Jonathan Stalling with Afaa Michael Weaver

Afaa Michael Weaver. Photograph courtesy of Catherine Laine.
Afaa Michael Weaver. Photograph courtesy of Catherine Laine.

In 2007, I founded the Mark Allen Everett Poetry Series. This series curates between 10 to 15 readings a year in Norman, Oklahoma and features poets spanning a broad spectrum of poetry communities and styles. Past poets who have read include Tom Raworth, Hank Lazer, Mei-mei Berssenbrugge, Lorna Dee Cervantes, Arthur Sze, Natasha Tretheway, Myung Mi Kim, Charles Alexander, Joe Harrington, Afaa Weaver, Shin Yu Pai, Leonard Schwartz, Hugh Tribby, Gerald Stern, Sy Hoawhwah, Alexandra Teague, Kate Greenstreet, Dean Rader, Zhang Er, Julie Carr, Tim Roberts, Grant Jenkins, Keorapetse Kgositsile, Duo Duo, Wang Jiaxin, Glenn Mott, among many more.

In this conversation, Afaa Weaver and I discuss the intersection of Chinese martial arts and Weaver’s poetics. Weaver discusses how his background in Yang style Taiji Chuan and, later, Xingyi Chuan and Daoist meditation (inner alchemy), have enriched his poetics with an understanding of mind-body quite distinct from the varied Western cosmologies that more commonly inform English-language poetics. In fact, even within the context of transpacific poetics, which has been far more influenced by Buddhist philosophy/practice, Weaver’s poetics remain quite distinct, since his relationship to Daoism has arrived by way of psychophysiological forms of cultivation, rather than the more common intertextual ones (Daodejing, Zhuangzi, Yijing, etc).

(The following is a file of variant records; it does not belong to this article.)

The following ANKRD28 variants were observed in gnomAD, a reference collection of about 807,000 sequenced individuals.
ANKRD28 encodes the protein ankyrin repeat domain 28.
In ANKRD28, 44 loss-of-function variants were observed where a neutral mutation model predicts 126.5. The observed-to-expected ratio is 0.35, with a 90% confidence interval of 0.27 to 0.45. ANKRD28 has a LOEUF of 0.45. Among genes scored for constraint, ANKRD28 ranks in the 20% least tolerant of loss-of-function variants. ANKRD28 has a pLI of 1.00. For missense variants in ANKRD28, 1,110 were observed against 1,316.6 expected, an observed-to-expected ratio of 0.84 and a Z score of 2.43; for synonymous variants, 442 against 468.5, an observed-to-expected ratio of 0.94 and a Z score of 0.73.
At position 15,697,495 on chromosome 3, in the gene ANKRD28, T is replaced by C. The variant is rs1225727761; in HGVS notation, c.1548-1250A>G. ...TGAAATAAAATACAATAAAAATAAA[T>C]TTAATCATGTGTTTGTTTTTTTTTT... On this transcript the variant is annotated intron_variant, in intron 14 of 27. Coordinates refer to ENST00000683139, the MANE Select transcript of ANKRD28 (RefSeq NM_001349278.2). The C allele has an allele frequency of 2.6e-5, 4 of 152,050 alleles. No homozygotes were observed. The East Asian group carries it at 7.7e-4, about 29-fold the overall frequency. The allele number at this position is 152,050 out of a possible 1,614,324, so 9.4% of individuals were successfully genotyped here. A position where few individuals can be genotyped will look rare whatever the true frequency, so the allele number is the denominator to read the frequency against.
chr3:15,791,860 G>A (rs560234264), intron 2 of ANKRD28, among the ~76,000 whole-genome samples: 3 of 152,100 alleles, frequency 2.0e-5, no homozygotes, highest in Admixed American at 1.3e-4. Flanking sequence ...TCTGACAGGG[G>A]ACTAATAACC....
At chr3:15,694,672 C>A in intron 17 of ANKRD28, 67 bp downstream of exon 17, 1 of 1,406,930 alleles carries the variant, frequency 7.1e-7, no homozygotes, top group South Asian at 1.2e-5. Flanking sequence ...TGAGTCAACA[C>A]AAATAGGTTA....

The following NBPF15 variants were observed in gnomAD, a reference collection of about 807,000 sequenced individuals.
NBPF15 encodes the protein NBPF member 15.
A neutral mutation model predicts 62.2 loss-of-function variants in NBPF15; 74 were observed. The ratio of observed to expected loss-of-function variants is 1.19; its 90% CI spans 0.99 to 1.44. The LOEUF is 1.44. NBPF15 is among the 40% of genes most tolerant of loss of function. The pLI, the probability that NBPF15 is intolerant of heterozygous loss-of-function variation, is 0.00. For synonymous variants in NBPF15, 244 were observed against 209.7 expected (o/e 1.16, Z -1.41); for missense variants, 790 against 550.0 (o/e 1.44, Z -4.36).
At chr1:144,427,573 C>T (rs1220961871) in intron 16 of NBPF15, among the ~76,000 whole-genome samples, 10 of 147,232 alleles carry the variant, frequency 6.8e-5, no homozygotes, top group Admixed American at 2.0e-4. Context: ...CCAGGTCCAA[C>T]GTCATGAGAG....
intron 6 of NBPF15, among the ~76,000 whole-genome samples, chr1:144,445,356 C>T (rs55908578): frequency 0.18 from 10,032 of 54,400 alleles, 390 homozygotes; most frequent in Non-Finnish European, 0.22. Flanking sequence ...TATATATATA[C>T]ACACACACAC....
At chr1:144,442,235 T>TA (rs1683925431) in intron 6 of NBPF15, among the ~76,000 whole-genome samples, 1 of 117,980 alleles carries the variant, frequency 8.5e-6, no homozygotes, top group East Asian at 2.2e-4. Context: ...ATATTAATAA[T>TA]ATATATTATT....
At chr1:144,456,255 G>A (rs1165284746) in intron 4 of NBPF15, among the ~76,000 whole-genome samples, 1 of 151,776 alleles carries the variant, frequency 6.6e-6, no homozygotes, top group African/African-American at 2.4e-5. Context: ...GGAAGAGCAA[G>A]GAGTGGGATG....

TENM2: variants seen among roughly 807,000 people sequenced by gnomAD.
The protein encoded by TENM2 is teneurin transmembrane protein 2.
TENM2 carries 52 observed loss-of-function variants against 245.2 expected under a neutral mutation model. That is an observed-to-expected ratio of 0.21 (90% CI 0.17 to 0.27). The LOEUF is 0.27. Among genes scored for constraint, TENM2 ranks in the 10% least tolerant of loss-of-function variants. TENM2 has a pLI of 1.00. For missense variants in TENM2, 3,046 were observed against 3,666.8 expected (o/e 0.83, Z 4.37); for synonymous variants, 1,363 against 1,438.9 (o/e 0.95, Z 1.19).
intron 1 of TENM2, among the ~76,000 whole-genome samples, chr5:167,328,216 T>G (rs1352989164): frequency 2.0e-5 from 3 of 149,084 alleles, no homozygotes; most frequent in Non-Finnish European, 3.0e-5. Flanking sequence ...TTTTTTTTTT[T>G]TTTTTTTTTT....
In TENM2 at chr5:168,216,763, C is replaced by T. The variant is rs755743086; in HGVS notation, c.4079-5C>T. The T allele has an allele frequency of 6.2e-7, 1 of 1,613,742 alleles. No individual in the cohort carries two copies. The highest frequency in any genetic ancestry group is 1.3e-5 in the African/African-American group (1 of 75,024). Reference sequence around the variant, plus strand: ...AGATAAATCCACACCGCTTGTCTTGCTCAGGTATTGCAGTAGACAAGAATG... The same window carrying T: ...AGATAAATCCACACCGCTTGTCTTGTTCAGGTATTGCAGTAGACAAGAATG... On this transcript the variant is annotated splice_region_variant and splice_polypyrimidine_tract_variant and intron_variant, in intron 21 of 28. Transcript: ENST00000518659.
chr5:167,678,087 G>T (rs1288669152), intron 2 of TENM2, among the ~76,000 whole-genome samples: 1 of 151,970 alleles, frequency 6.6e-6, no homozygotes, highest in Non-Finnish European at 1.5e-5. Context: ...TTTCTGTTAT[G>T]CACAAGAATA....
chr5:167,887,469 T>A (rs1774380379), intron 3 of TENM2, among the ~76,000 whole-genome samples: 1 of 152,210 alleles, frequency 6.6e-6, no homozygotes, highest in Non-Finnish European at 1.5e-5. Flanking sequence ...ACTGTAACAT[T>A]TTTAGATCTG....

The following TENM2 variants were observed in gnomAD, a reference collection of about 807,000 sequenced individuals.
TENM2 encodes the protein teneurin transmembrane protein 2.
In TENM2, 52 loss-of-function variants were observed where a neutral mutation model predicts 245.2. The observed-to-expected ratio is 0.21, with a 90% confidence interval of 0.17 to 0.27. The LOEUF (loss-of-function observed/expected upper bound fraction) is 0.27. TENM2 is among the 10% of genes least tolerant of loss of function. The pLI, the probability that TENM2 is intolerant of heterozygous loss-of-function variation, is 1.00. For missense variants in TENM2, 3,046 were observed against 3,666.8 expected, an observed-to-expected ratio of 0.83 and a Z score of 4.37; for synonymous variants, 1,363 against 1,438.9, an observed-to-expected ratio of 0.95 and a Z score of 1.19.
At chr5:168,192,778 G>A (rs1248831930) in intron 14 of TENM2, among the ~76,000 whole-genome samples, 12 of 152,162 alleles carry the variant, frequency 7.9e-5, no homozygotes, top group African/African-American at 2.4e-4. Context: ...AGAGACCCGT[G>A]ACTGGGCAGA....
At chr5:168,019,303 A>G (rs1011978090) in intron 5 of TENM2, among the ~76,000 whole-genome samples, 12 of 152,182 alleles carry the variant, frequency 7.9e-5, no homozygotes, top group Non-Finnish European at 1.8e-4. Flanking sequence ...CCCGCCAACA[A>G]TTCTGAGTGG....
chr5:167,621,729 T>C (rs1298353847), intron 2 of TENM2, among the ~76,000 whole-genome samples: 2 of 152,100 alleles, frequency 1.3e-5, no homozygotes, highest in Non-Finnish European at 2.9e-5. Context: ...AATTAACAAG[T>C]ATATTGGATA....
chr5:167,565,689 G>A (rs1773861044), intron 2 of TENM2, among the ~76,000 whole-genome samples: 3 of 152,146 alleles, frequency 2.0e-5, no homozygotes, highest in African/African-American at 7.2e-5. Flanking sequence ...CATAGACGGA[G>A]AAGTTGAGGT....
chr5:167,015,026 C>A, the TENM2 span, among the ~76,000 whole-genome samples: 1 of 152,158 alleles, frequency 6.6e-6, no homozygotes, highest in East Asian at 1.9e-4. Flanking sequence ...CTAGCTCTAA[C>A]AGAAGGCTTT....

—Jonathan Stalling

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Born in Baltimore, Maryland, in 1951, Afaa Michael Weaver (Michael S. Weaver) has been awarded an NEA fellowship in poetry, a Pew Fellowship and an appointment as a Fulbright scholar at National Taiwan University in Taipei, Taiwan. He has had plays produced professionally and worked as an editor and freelance journalist. His eleventh collection of poems is Kama i’reeh (Like the Wind), a translation of his work into Arabic by Wissal Al-Allaq. His 12th collection of poetry, The Government of Nature, was published by University of Pittsburgh Press (March 2013). It is the second book in a trilogy that began with The Plum Flower Dance. The trilogy is Weaver’s attempt to integrate his lifelong interest in Chinese culture with his ongoing project of exploring working-class interiority. Weaver lives in Somerville, Massachusetts and teaches at Simmons College, where he holds an endowed chair as the Alumnae Professor of English. As a translator working in contemporary Chinese poetry, he maintains this website for cultural bridge building.

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